EBRD Approves $90M For UES

The European Bank for Reconstruction and Development signed off Thursday on a 3 1/2-year, 100 million euro ($90 million) loan to Unified Energy Systems to be used for industry restructuring -- the first medium-term facility to UES from commercial banks since the 1998 crisis.

Fifty percent of the loan comes from the European Bank for Reconstruction and Development and the other half from private banks including Citibank, Commerzbank, Moscow Narodny Bank, RZB-Austria, Erste Bank and Nordea.

Analysts said the loan's final approval means the EBRD has endorsed UES's controversial industry revamp.

UES originally applied for the loan in 1998 and discussions on it began in early 1999. "One of the reasons it took so long was the complexity of the UES restructuring plan, which needed approval from the government," said Anthony Marsh, EBRD director for power and energy utilities.

"We were waiting for the final approval before starting the transaction so that everybody knew what the future would look like for both the company and the funds."

Under the restructuring plan, UES is to take control of all the regional power grids and spin off the generating and distributing facilities.

The disbursement is an important signal that the "EBRD has no objections to the declared restructuring plan," said UFG analyst Mikhail Seleznyov. This opens up the door for outside financing, he said.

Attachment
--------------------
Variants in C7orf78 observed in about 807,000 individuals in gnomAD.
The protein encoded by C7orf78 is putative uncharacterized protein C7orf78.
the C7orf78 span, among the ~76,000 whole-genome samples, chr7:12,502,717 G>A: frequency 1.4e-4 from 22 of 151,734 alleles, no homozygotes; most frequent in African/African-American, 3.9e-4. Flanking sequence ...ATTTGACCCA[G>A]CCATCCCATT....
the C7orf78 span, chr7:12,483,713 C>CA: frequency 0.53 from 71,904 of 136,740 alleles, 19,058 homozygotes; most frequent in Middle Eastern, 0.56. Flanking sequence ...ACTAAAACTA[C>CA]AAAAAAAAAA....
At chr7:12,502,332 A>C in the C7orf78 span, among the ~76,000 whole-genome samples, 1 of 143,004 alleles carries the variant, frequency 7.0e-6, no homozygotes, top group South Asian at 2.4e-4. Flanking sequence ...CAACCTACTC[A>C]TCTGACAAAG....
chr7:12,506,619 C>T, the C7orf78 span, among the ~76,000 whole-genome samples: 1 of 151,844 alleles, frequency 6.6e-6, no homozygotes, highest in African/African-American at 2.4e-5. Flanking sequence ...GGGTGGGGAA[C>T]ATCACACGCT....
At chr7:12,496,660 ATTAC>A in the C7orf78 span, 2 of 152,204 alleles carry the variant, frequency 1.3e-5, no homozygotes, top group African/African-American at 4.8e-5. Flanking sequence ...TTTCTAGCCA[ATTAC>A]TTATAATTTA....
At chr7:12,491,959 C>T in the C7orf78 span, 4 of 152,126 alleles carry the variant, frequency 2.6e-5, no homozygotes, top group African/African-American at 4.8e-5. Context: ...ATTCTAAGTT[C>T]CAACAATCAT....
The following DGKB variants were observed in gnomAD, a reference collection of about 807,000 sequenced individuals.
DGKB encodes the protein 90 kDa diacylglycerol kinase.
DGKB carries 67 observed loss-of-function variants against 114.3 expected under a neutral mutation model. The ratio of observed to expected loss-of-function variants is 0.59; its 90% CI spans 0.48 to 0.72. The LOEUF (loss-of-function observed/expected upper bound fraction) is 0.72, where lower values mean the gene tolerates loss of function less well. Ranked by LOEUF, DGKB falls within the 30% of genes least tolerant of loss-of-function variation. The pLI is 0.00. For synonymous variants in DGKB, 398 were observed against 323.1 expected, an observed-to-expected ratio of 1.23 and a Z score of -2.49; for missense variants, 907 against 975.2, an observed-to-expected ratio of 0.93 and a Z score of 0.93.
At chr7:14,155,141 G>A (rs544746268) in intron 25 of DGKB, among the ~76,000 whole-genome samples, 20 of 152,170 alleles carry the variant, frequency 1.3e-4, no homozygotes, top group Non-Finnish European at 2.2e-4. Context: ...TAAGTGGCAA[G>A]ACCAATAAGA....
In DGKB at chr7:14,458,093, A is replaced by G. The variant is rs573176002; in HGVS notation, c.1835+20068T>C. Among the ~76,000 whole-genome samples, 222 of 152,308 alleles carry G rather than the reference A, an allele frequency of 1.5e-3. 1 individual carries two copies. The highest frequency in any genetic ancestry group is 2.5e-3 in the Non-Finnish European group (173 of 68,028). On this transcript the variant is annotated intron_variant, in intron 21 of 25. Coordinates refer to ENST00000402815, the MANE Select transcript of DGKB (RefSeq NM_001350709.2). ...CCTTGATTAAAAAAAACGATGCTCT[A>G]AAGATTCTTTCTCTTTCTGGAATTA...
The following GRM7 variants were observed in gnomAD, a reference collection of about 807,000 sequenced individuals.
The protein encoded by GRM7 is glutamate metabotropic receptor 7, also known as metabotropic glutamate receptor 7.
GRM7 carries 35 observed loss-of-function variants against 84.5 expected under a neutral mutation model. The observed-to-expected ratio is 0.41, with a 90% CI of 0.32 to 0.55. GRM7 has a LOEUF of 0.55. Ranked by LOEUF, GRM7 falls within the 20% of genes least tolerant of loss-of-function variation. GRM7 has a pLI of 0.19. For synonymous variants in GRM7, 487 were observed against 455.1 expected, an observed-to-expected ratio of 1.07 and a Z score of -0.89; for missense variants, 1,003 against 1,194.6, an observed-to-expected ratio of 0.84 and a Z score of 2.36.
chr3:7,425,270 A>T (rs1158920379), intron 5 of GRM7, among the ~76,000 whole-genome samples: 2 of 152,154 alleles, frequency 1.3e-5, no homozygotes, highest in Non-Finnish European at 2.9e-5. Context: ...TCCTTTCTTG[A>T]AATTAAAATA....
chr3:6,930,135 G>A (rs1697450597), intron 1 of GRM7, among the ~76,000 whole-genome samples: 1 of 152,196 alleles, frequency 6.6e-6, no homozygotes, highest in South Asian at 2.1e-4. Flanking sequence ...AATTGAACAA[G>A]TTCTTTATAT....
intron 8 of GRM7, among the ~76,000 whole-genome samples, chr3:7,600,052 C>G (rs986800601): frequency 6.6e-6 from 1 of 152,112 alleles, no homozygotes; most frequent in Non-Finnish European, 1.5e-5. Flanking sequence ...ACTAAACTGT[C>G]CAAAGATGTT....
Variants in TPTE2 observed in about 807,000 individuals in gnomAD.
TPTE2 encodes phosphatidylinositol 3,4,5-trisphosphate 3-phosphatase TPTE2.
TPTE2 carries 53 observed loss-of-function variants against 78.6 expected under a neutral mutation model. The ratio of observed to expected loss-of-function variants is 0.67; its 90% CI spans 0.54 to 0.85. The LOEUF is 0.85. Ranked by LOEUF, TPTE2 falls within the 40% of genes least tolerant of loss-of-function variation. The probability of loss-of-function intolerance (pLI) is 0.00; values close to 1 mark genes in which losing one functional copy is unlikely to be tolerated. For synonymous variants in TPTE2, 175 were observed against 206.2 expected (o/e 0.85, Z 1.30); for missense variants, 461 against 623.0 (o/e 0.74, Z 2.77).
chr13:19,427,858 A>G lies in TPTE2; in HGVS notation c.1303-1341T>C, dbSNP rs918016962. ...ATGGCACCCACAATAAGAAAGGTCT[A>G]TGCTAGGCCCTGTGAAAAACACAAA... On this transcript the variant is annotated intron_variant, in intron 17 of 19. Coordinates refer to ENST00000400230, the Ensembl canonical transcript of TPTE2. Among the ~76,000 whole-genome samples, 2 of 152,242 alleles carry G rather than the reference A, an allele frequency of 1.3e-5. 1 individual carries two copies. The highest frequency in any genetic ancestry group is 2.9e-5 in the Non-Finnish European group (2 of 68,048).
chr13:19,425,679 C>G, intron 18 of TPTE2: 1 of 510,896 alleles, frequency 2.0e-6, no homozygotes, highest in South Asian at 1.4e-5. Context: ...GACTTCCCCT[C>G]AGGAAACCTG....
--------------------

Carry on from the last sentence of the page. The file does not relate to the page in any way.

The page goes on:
UES has said that in total, the industry would need $50 billion in investment over the next 10 years, and that figure is included in the memorandum of understanding it signed with the EBRD earlier.

UES will receive the funds in a few months, and a chunk of the loan may be spent on a new telecommunications network that the company is implementing alongside the restructuring plan, analysts said.

UES chief Anatoly Chubais has said the EBRD loan will also be used to finance the construction of a geothermal power plant in Kamchatka, earlier. Once the plant is put in operation, it would allow UES to cut back on fuel supplies to the Far East region.

The utility set up its own telecoms unit, the Moscow Telecommunications Network, back in the 1970s to provide communication between Moscow and its regional utilities. UES is now looking to develop the network to provide services to companies outside the holding.

The power monopoly is in a good position to expand in the telecoms sector, with some of the infrastructure, such as transmission towers already in place, said Troika Dialog analyst Kaha Kiknavelidze, who added that the loan is "good news for UES."